fan.JPG
 

jadnashua

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130sq ft, and lets say it's 8' tall, so that's 130*8=1040cuft. You want about 8-10 exchanges per hour, so let's say 8*1040=8320cuft. At 100cuft/min that's 100*60minutes=6000cuft, so not enough if you want 8 full exchanges. 8320/60=138.66cuft/min.

Now, the HVAC system will (or should) be exchanging some air with the rest of the home, but in the summer, in a humid area, you wouldn't want the humidity put into the air from the shower in the bathroom to the rest of the home to make for a bigger a/c load. You might want more in the winter, but keep the concentration down in that room.

If you're going to dump that much air outside, keep in mind that the makeup air into the house will come in from leaks or cracks in the home unless you include an ERV in the plan. If you've got a tight house, without one, you may not be able to exhaust that much air, and especially if there's not enough room to get air into the room, likely underneath the door unless you put a grill in to allow that air exchange.
 

PlymouthTony

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The Panasonic fans work well with 4" ducting. Very quiet too. For a fan to pull, there needs to be some sort of air intake too. Is there a heat duct in the room for air to draw through, or a gap under the bathroom door?
When time in a commercial building, same issue with the fan not pulling. I removed the door and trimmed off some at the bottom. After that the fan worked well.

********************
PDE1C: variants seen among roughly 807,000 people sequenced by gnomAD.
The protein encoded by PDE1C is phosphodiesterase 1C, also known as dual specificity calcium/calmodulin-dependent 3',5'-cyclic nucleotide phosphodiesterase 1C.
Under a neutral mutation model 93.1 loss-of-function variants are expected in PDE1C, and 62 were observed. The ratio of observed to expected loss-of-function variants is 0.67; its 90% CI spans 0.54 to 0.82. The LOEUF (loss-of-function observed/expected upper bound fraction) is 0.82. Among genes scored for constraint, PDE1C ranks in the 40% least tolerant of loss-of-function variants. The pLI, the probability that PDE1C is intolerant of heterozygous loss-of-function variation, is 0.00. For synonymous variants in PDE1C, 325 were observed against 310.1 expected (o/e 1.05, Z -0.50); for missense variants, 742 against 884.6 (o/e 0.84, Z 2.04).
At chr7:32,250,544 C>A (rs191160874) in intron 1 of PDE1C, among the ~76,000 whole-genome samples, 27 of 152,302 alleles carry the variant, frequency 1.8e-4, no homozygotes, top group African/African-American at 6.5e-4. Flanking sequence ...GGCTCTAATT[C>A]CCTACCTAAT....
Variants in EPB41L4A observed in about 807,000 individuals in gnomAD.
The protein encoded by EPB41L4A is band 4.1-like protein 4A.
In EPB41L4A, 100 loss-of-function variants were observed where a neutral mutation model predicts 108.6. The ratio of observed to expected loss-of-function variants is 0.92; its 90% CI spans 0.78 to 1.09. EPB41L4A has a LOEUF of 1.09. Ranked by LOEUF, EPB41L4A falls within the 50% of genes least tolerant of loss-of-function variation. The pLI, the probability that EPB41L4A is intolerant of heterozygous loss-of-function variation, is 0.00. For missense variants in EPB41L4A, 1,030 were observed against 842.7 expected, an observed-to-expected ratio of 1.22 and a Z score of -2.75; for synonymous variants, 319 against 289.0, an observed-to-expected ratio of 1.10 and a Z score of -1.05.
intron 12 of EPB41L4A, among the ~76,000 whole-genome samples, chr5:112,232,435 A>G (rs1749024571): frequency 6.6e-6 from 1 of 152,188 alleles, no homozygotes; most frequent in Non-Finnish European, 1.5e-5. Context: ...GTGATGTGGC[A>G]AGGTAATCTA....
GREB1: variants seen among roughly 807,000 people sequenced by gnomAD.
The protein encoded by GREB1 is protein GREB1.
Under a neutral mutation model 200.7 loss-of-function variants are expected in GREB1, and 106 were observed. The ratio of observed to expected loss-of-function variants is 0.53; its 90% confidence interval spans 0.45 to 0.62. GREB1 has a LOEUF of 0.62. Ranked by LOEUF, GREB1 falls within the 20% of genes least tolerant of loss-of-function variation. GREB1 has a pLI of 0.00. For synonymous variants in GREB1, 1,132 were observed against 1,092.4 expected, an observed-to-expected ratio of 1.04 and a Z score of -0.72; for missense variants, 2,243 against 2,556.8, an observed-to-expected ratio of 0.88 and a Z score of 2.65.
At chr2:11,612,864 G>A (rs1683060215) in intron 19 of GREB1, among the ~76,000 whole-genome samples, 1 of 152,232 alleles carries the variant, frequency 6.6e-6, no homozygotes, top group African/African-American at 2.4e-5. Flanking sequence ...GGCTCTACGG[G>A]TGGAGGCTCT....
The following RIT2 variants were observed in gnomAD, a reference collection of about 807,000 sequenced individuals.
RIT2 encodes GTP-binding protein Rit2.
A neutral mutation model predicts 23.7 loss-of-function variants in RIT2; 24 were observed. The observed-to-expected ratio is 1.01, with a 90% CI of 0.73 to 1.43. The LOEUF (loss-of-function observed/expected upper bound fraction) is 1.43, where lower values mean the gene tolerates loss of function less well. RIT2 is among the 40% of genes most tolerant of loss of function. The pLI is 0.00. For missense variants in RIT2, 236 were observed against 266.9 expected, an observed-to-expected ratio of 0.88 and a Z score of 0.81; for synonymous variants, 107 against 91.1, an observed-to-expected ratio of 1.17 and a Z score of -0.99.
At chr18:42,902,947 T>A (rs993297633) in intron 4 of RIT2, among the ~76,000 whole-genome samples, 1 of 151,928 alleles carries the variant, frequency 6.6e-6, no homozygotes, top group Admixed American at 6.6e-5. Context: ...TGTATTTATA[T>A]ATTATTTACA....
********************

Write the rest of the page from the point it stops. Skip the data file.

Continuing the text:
Terry, thanks for your reply. There is a heat duct in the room but I likely do need to increase the space under the bathroom door. When I shower with the door open, the amount of condensation on the walls is considerably less, but still more than I want. The problem with using panasonic that work with 4 inch ducting is that I don't think I can get more than 110-120 cfm and wanted to go to 150 cfm. Wondering what the effect would be to go with the 150 cfm unit but with a reducer from 6 inches out of the fan down to 4 inches sized for the duct. Your thoughts?
 

PlymouthTony

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130sq ft, and lets say it's 8' tall, so that's 130*8=1040cuft. You want about 8-10 exchanges per hour, so let's say 8*1040=8320cuft. At 100cuft/min that's 100*60minutes=6000cuft, so not enough if you want 8 full exchanges. 8320/60=138.66cuft/min.

Now, the HVAC system will (or should) be exchanging some air with the rest of the home, but in the summer, in a humid area, you wouldn't want the humidity put into the air from the shower in the bathroom to the rest of the home to make for a bigger a/c load. You might want more in the winter, but keep the concentration down in that room.